There have been speculations that it started out as a pitch to Jewish voters during the by-election in Wentworth. As the Australian government only held 75 / 149 seats before the by-election, the seat was crucial in maintaining a majority government for The Coalition. It's worth noting that Wentworth has a substantial Jewish population. (The by-election was triggered after former PM Turnbull resigned his seat. The government later lost the seat, and is now a minority government.)
Critics called it a cynical attempt to win votes in a by-election in October for a Sydney seat with a high Jewish population.
During the campaign, Prime Minister Scott Morrison mooted the idea of moving the Australian embassy from Tel Aviv to Jerusalem, describing his idea as a ‘sensible’ proposal since the current two-state solution hasn't been working well.
“We’re committed to a two-state solution, but frankly, it hasn’t been going that well,” he said. “Not a lot of progress has been made. And you don’t keep doing the same thing and expect different results.”
He claimed that the former ambassador to Israel, Dave Sharma who is also the Liberal Party's candidate in the by-election, had suggested to him that proposal:
“When sensible suggestions are put forward that are consistent with your policy positioning and in this case pursuing a two-state solution, Australia should be open-minded to this and I am open-minded to this and our government is open-minded to this,” Mr Morrison told reporters.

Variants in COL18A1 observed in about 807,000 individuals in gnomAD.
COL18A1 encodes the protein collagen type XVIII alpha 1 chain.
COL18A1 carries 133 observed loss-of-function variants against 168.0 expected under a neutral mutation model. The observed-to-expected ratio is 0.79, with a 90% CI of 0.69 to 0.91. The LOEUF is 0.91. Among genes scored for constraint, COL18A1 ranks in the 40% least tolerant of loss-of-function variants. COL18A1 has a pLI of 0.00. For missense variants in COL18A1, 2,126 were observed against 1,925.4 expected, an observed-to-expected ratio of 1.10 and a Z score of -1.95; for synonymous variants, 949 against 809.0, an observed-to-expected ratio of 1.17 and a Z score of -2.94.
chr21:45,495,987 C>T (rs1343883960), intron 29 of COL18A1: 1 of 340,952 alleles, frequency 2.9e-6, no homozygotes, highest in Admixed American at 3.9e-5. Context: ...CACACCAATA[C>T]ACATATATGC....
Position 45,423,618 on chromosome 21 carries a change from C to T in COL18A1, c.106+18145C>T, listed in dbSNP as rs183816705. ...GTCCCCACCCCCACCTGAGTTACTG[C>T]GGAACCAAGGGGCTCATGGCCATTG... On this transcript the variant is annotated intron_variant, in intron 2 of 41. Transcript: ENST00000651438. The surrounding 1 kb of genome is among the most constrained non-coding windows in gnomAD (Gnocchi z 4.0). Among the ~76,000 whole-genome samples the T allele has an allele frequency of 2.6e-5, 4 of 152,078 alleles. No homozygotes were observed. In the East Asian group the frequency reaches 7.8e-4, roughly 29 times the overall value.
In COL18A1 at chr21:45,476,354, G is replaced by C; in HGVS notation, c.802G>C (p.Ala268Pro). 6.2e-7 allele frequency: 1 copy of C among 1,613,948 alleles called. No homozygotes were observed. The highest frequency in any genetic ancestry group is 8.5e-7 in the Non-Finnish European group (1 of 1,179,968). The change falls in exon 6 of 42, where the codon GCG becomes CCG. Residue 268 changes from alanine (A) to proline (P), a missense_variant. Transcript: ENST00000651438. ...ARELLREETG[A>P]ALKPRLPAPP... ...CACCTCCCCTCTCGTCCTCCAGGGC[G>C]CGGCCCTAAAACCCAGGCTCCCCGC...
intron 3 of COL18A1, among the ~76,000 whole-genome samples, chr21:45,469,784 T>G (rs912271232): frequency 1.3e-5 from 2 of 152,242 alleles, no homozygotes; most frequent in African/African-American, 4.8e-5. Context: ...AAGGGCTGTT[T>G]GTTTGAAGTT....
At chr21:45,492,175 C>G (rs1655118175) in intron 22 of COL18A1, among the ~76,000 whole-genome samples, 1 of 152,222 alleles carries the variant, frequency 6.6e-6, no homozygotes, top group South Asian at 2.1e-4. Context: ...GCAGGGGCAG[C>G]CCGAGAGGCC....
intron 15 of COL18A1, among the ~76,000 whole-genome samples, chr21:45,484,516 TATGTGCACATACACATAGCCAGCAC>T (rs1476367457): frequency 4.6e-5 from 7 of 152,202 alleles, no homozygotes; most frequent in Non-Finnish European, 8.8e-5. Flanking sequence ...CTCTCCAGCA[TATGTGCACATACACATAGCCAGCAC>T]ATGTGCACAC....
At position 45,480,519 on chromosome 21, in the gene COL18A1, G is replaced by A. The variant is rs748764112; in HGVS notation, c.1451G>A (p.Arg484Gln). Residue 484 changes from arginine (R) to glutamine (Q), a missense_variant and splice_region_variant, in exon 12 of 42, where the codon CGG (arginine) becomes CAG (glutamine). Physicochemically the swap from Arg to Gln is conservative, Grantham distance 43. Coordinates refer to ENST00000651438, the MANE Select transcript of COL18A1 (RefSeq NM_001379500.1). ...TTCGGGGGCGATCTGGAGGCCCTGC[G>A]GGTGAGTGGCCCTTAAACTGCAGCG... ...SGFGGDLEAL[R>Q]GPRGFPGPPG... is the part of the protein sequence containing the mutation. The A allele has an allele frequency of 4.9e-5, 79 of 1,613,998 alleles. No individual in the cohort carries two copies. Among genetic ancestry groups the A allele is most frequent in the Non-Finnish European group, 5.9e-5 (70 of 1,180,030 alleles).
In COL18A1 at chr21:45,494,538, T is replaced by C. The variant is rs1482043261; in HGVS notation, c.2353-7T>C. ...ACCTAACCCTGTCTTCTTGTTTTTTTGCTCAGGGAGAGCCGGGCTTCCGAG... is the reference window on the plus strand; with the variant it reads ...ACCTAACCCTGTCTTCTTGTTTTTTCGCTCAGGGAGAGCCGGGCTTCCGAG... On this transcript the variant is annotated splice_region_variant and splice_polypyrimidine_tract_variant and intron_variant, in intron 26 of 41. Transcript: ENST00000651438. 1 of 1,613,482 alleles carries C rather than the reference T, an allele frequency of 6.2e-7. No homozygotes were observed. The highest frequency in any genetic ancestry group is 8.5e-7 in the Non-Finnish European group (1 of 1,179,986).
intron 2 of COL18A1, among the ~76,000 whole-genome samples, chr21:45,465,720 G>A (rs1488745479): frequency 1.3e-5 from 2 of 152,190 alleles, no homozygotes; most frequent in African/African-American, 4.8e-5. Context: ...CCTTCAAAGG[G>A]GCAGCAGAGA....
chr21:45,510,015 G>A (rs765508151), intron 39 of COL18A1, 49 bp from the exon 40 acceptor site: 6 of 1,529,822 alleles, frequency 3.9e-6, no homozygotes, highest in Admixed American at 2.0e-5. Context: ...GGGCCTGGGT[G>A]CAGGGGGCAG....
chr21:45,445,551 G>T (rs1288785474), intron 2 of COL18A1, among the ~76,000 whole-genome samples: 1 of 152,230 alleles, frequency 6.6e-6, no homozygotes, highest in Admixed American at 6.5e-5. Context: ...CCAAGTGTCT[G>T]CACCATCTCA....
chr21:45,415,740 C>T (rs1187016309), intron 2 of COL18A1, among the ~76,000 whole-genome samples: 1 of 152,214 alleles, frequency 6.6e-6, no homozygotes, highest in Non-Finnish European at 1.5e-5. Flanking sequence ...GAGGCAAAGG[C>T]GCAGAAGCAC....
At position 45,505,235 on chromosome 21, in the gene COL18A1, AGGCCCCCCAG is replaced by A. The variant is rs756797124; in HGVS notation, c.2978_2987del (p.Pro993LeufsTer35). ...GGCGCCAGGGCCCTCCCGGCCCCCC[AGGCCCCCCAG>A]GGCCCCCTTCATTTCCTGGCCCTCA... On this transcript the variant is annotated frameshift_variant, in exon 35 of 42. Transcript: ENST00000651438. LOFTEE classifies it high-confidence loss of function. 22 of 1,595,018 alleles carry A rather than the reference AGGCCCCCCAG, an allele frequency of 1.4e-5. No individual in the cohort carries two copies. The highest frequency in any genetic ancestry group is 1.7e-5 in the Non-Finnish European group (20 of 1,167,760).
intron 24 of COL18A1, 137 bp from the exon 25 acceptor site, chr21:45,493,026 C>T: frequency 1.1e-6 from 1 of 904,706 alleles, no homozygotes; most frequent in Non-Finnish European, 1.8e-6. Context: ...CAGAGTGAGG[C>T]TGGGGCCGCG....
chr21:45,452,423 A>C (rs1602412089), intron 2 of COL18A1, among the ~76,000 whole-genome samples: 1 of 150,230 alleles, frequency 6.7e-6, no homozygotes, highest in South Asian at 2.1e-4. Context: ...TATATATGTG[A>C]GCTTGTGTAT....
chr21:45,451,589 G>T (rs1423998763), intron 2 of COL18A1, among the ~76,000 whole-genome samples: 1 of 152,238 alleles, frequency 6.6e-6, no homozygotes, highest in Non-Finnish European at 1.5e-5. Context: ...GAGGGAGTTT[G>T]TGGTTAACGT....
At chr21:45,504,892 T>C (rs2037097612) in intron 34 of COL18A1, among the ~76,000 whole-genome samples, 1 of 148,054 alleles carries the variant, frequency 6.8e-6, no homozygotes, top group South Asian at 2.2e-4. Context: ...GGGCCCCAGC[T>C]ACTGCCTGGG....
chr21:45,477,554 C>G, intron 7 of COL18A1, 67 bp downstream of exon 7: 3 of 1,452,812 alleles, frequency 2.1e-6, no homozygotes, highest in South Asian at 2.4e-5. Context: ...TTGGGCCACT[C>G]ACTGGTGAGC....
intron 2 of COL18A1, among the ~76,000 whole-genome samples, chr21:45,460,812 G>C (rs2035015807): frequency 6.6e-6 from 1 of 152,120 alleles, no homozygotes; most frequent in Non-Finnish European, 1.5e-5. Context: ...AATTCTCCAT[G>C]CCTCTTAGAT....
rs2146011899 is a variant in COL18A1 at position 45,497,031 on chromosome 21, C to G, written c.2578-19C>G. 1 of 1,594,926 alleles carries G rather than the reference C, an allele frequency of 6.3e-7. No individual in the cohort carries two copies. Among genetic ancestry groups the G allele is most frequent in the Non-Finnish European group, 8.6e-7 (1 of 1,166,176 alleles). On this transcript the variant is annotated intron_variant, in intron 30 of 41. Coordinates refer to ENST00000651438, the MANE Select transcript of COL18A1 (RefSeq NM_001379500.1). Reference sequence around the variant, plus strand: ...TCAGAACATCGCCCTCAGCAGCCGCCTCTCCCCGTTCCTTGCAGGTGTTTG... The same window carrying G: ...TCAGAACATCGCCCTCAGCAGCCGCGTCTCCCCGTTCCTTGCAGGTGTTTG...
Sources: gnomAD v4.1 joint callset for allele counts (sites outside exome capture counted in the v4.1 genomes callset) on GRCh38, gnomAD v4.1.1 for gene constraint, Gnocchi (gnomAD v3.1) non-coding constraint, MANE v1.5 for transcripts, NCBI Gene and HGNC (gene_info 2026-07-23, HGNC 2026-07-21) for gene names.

However, Morrison has denied that it was a political move. As such, he recognised West Jerusalem as Israel's capital, possibly to follow through on his pre-Wentworth by-election proposal, but backing down from a more drastic move of the Australian embassy.
It is further worth noting that he would recognise West Jerusalem as Israel's capital while also acknowledging Palestinian claims to East Jerusalem. This preserves the United Nations' objective of a two-state solution.
While Mr Morrison announced on October 16 that the Australian embassy might be moved to Jerusalem, his new statement makes it clear this would only happen with a lasting settlement between Israel and the Palestinians.
The Prime Minister’s statement, to be made to the Sydney Institute on Saturday, is understood to acknowledge the Palestinian claims to East Jerusalem and raise the prospect of formal recognition in the future.
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“If we were to move the embassy from Tel Aviv to West Jerusalem as the capital of Israel, and when there is a Palestinian state … we would then open an embassy in East Jerusalem as the capital of a Palestinian state,” Mr Pyne said on Sky News.
Read more at https://www.smh.com.au/politics/federal/morrison-to-end-months-of-painful-embassy-debate-by-splitting-jerusalem-in-two-20181214-p50me6.html.